The Los Angeles Dodgers made headlines in 2011 for all the wrong reasons.

Instead of welcoming new manager Don Mattingly and challenging for the National League West crown, the famed organization was mired in excruciating stories, including the savage beating of Giants' fan Bryan Stow in the Dodger Stadium parking lot, and disclosures that owner Frank McCourt was making deals that were in sole interest of his dwindling pocketbook as he was involved in an expensive and contentious divorce from wife, Jamie.

Despite these unfortunate off-the-field incidents, the Dodgers still played baseball, and managed to finish over .500.

While Clayton Kershaw put up Cy Young numbers, center fielder Matt Kemp proved he was the best non-pitcher in the National League.

Though Kemp faces some tough competition from other stars, such as Ryan Braun, Prince Fielder, Lance Berkman and Joey Votto, it is Kemp who deserves the award for these reasons:

1) His hitting numbers are outstanding. Kemp batted .324 with 39 home runs and 126 runs batted in. He finished first in homers, first in RBIs, and third in batting average. Kemp trailed batting champion Jose Reyes, who didn't play the entire season, by .013. It was almost a triple crown effort for Kemp, and those are very hard to come by.

Was Kemp clutch? Yes. He batted .344 with runners on base. Was Kemp only strong against one left-handers? No. He batted .341 against left-handers, but nearly equally excellent .319 against right-handers.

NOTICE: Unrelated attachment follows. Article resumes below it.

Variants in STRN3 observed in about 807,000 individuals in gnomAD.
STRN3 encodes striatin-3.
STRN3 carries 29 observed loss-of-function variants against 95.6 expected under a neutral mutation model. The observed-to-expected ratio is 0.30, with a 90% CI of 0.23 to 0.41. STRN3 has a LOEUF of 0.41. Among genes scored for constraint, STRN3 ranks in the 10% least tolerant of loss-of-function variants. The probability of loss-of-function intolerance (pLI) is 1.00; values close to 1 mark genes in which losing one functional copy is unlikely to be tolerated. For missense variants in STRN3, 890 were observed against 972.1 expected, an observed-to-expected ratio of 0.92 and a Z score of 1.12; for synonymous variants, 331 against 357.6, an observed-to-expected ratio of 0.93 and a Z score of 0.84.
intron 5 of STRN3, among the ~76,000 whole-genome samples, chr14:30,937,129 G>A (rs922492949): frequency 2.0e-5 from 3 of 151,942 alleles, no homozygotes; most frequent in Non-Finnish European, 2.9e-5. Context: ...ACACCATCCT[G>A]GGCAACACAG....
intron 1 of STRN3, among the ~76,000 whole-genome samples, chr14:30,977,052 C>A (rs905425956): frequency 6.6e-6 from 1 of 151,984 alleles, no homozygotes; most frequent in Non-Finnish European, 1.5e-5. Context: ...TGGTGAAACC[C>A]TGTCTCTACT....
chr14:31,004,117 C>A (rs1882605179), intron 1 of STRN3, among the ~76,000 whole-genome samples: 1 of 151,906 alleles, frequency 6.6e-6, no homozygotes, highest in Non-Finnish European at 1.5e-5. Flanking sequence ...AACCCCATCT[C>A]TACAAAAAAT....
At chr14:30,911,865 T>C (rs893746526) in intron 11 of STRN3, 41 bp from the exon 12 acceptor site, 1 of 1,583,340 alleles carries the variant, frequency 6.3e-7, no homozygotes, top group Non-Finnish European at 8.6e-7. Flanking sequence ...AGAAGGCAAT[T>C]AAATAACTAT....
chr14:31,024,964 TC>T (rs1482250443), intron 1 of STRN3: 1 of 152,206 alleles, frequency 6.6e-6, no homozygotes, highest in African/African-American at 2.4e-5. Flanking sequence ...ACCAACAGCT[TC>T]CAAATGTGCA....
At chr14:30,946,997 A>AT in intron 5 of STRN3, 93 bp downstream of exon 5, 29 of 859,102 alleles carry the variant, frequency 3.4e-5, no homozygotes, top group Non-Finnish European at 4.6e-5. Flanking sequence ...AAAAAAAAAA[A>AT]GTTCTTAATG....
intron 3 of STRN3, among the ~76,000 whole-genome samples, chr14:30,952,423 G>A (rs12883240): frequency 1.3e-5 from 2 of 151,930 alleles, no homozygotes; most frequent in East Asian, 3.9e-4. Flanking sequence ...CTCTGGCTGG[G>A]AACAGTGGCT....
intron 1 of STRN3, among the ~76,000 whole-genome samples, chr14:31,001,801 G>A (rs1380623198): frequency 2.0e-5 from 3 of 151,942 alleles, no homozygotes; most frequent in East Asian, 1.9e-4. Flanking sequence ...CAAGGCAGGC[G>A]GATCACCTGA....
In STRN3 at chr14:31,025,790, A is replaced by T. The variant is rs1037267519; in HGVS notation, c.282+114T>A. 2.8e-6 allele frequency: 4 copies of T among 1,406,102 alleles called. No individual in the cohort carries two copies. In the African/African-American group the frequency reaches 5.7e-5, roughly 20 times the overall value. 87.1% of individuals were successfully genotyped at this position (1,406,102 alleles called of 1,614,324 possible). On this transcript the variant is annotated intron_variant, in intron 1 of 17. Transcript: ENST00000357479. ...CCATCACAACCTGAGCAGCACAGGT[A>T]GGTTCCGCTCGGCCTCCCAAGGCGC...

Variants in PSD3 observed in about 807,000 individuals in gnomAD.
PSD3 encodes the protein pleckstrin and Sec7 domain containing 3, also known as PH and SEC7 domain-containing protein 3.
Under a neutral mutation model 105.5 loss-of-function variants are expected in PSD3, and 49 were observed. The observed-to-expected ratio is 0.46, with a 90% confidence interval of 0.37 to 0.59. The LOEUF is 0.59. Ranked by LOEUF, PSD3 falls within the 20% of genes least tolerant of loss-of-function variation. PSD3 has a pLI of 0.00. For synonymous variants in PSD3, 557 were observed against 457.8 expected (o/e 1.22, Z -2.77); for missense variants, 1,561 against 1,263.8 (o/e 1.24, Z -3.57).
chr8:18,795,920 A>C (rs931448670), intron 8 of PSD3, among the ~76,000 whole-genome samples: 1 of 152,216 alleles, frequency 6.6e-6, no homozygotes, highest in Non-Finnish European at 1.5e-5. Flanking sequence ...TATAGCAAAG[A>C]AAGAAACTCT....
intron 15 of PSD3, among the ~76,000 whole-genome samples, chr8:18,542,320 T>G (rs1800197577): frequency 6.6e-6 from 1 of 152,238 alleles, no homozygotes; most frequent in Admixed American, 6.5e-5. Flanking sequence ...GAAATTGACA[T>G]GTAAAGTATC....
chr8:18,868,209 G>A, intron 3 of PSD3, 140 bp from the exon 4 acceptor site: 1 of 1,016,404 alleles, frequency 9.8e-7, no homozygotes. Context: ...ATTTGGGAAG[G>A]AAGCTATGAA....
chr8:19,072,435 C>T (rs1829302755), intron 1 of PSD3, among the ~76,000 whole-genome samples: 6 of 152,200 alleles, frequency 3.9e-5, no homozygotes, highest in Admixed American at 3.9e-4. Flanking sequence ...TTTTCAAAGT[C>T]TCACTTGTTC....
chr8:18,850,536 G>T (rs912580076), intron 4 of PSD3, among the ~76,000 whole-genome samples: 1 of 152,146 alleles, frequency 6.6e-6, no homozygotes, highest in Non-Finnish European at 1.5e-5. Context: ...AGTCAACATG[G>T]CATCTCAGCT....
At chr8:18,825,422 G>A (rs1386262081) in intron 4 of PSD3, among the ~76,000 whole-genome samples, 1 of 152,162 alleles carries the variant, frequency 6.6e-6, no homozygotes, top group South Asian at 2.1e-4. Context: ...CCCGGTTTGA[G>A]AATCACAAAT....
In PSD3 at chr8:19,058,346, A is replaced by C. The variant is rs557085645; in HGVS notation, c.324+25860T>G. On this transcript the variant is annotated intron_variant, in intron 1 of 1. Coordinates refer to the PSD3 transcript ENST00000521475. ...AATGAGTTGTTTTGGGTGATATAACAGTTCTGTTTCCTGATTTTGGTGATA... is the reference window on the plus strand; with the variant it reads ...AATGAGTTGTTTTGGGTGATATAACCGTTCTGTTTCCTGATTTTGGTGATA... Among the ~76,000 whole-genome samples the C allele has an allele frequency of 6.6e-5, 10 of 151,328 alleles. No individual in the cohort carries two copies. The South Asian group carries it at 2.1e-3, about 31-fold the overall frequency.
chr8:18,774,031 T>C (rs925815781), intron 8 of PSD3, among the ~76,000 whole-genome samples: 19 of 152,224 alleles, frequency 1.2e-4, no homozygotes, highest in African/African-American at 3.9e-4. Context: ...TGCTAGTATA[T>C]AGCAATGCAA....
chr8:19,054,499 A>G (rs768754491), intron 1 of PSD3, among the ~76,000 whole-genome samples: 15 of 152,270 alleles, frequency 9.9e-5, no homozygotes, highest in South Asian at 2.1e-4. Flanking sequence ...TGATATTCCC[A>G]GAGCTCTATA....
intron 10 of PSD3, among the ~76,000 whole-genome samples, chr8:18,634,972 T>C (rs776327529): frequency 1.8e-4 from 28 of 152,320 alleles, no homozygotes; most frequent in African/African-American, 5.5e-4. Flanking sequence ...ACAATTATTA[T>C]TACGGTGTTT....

2) Kemp didn't have a strong bat behind him. While many star sluggers have a quality player batting behind then, Kemp didn't have much support. Struggling players like Juan Uribe would bat behind Kemp, and often the players changed and often to substandard results. Andre Either's power numbers declined due to a lingering knee injury.

3) Kemp stole 40 bases. In a new era where power numbers are not what they used to be, teams are looking for speed, and Kemp proved he's a new era player with his 40 stolen bases. Kemp finished tied for a distant second behind Michael Bourn, and that's impressive given Kemp's power numbers. Few power hitters, if any, have Kemp's speed.

4) Dodger Stadium is a hitters' park, and the NL West is a pitcher's division. While some players have the fortune of playing half the season in a park where the ball seems to soar over the fences, Dodger hitters play at Dodger Stadium, where the air isn't thin for cheap home runs to occur. Meanwhile, the NL West is loaded with some quality pitching staff, including the excellent San Francisco Giants' rotation. Indeed, Kemp earned his numbers, and those 39 homers are certainly not an inflated figure.

5) Gold Glove defense, and a good attitude. Kemp, who is known to cover a lot of ground with his speed, led all center fielders with 11 assists. Though there are other candidates who may be more fitting for the NL Gold Glove like Shane Victorino, Chris Young, and Bourn, Kemp deserves to be in the conversation. And through a turbulent Dodgers' season, where Ethier, his fellow outfield teammate, mouthed off for unforeseen reasons, Kemp remained a good citizen.

After a somewhat problematic season in 2010, Kemp rebounded in 2011. It was a very impressive return to form for a player that some critics questioned.

There is little argument to say that Kemp doesn't deserve the MVP, aside from the Dodgers' lack of team success. Baseball is almost never the result of one player's success or failure, so the Dodgers' failures this season shouldn't hurt Kemp's MVP chances.

After a painful 2011 season, Dodger fans deserve to see their star center fielder take home the MVP trophy.